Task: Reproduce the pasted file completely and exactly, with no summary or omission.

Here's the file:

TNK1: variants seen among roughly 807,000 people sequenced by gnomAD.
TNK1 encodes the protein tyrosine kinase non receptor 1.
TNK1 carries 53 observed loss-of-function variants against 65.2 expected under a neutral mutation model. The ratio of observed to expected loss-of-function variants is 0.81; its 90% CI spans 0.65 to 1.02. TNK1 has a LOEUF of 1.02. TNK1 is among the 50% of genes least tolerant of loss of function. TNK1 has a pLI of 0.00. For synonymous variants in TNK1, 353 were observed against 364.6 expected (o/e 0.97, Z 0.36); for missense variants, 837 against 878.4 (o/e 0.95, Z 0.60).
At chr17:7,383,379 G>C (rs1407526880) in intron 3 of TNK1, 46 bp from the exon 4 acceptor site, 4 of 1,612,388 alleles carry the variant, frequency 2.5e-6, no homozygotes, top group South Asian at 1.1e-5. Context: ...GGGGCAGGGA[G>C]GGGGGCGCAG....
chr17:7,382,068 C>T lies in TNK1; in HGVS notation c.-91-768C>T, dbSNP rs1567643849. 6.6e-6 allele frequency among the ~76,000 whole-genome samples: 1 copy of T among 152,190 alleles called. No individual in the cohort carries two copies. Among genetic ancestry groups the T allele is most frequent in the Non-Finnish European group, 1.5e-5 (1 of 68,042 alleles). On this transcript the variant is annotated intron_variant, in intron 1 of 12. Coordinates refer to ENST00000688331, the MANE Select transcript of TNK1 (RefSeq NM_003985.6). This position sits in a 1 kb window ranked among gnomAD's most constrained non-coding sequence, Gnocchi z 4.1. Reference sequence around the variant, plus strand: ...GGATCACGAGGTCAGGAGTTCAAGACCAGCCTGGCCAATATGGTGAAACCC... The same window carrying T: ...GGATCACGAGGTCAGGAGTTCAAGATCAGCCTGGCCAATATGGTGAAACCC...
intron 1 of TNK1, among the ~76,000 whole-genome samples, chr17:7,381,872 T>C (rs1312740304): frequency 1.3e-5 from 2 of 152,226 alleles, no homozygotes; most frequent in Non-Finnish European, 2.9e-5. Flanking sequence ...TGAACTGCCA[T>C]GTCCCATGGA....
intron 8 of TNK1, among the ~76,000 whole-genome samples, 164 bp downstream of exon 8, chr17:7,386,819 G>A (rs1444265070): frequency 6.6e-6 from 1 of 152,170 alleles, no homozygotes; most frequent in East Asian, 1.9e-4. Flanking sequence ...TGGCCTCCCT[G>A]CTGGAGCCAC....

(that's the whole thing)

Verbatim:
TNK1: variants seen among roughly 807,000 people sequenced by gnomAD.
TNK1 encodes the protein tyrosine kinase non receptor 1.
TNK1 carries 53 observed loss-of-function variants against 65.2 expected under a neutral mutation model. The ratio of observed to expected loss-of-function variants is 0.81; its 90% CI spans 0.65 to 1.02. TNK1 has a LOEUF of 1.02. TNK1 is among the 50% of genes least tolerant of loss of function. TNK1 has a pLI of 0.00. For synonymous variants in TNK1, 353 were observed against 364.6 expected (o/e 0.97, Z 0.36); for missense variants, 837 against 878.4 (o/e 0.95, Z 0.60).
At chr17:7,383,379 G>C (rs1407526880) in intron 3 of TNK1, 46 bp from the exon 4 acceptor site, 4 of 1,612,388 alleles carry the variant, frequency 2.5e-6, no homozygotes, top group South Asian at 1.1e-5. Context: ...GGGGCAGGGA[G>C]GGGGGCGCAG....
chr17:7,382,068 C>T lies in TNK1; in HGVS notation c.-91-768C>T, dbSNP rs1567643849. 6.6e-6 allele frequency among the ~76,000 whole-genome samples: 1 copy of T among 152,190 alleles called. No individual in the cohort carries two copies. Among genetic ancestry groups the T allele is most frequent in the Non-Finnish European group, 1.5e-5 (1 of 68,042 alleles). On this transcript the variant is annotated intron_variant, in intron 1 of 12. Coordinates refer to ENST00000688331, the MANE Select transcript of TNK1 (RefSeq NM_003985.6). This position sits in a 1 kb window ranked among gnomAD's most constrained non-coding sequence, Gnocchi z 4.1. Reference sequence around the variant, plus strand: ...GGATCACGAGGTCAGGAGTTCAAGACCAGCCTGGCCAATATGGTGAAACCC... The same window carrying T: ...GGATCACGAGGTCAGGAGTTCAAGATCAGCCTGGCCAATATGGTGAAACCC...
intron 1 of TNK1, among the ~76,000 whole-genome samples, chr17:7,381,872 T>C (rs1312740304): frequency 1.3e-5 from 2 of 152,226 alleles, no homozygotes; most frequent in Non-Finnish European, 2.9e-5. Flanking sequence ...TGAACTGCCA[T>C]GTCCCATGGA....
intron 8 of TNK1, among the ~76,000 whole-genome samples, 164 bp downstream of exon 8, chr17:7,386,819 G>A (rs1444265070): frequency 6.6e-6 from 1 of 152,170 alleles, no homozygotes; most frequent in East Asian, 1.9e-4. Flanking sequence ...TGGCCTCCCT[G>A]CTGGAGCCAC....